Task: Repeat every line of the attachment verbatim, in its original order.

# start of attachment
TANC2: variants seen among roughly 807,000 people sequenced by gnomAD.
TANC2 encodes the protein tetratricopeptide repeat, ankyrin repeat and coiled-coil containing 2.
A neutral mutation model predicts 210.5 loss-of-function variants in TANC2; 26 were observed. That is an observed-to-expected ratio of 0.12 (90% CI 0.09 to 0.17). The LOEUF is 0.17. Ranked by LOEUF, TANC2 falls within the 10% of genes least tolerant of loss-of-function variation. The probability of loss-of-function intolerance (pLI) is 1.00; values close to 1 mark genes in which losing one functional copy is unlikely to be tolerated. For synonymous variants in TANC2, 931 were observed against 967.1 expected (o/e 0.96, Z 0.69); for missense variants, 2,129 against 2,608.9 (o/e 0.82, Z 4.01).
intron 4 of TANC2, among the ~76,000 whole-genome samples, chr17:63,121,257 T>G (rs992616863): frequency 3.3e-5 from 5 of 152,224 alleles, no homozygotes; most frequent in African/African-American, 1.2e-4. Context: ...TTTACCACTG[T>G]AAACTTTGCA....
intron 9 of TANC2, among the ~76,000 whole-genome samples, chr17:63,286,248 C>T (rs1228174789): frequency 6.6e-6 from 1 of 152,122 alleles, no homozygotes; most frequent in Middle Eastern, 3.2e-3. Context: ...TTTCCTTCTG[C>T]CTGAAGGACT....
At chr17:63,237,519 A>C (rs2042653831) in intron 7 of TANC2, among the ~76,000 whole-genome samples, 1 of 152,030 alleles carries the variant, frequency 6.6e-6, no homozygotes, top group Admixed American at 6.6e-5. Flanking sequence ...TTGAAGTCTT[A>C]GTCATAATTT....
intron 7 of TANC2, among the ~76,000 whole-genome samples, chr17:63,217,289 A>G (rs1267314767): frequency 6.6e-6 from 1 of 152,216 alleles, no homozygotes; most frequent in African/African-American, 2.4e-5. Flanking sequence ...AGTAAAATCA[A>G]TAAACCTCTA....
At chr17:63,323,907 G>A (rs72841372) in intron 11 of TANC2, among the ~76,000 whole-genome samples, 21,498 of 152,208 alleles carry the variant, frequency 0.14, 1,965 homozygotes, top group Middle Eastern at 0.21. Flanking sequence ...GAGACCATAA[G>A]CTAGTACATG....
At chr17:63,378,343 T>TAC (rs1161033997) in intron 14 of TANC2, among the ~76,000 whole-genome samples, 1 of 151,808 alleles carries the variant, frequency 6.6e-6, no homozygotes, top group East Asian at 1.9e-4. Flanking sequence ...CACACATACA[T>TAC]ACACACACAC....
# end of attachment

TANC2: variants seen among roughly 807,000 people sequenced by gnomAD.
TANC2 encodes the protein tetratricopeptide repeat, ankyrin repeat and coiled-coil containing 2.
A neutral mutation model predicts 210.5 loss-of-function variants in TANC2; 26 were observed. That is an observed-to-expected ratio of 0.12 (90% CI 0.09 to 0.17). The LOEUF is 0.17. Ranked by LOEUF, TANC2 falls within the 10% of genes least tolerant of loss-of-function variation. The probability of loss-of-function intolerance (pLI) is 1.00; values close to 1 mark genes in which losing one functional copy is unlikely to be tolerated. For synonymous variants in TANC2, 931 were observed against 967.1 expected (o/e 0.96, Z 0.69); for missense variants, 2,129 against 2,608.9 (o/e 0.82, Z 4.01).
intron 4 of TANC2, among the ~76,000 whole-genome samples, chr17:63,121,257 T>G (rs992616863): frequency 3.3e-5 from 5 of 152,224 alleles, no homozygotes; most frequent in African/African-American, 1.2e-4. Context: ...TTTACCACTG[T>G]AAACTTTGCA....
intron 9 of TANC2, among the ~76,000 whole-genome samples, chr17:63,286,248 C>T (rs1228174789): frequency 6.6e-6 from 1 of 152,122 alleles, no homozygotes; most frequent in Middle Eastern, 3.2e-3. Context: ...TTTCCTTCTG[C>T]CTGAAGGACT....
At chr17:63,237,519 A>C (rs2042653831) in intron 7 of TANC2, among the ~76,000 whole-genome samples, 1 of 152,030 alleles carries the variant, frequency 6.6e-6, no homozygotes, top group Admixed American at 6.6e-5. Flanking sequence ...TTGAAGTCTT[A>C]GTCATAATTT....
intron 7 of TANC2, among the ~76,000 whole-genome samples, chr17:63,217,289 A>G (rs1267314767): frequency 6.6e-6 from 1 of 152,216 alleles, no homozygotes; most frequent in African/African-American, 2.4e-5. Flanking sequence ...AGTAAAATCA[A>G]TAAACCTCTA....
At chr17:63,323,907 G>A (rs72841372) in intron 11 of TANC2, among the ~76,000 whole-genome samples, 21,498 of 152,208 alleles carry the variant, frequency 0.14, 1,965 homozygotes, top group Middle Eastern at 0.21. Flanking sequence ...GAGACCATAA[G>A]CTAGTACATG....
At chr17:63,378,343 T>TAC (rs1161033997) in intron 14 of TANC2, among the ~76,000 whole-genome samples, 1 of 151,808 alleles carries the variant, frequency 6.6e-6, no homozygotes, top group East Asian at 1.9e-4. Flanking sequence ...CACACATACA[T>TAC]ACACACACAC....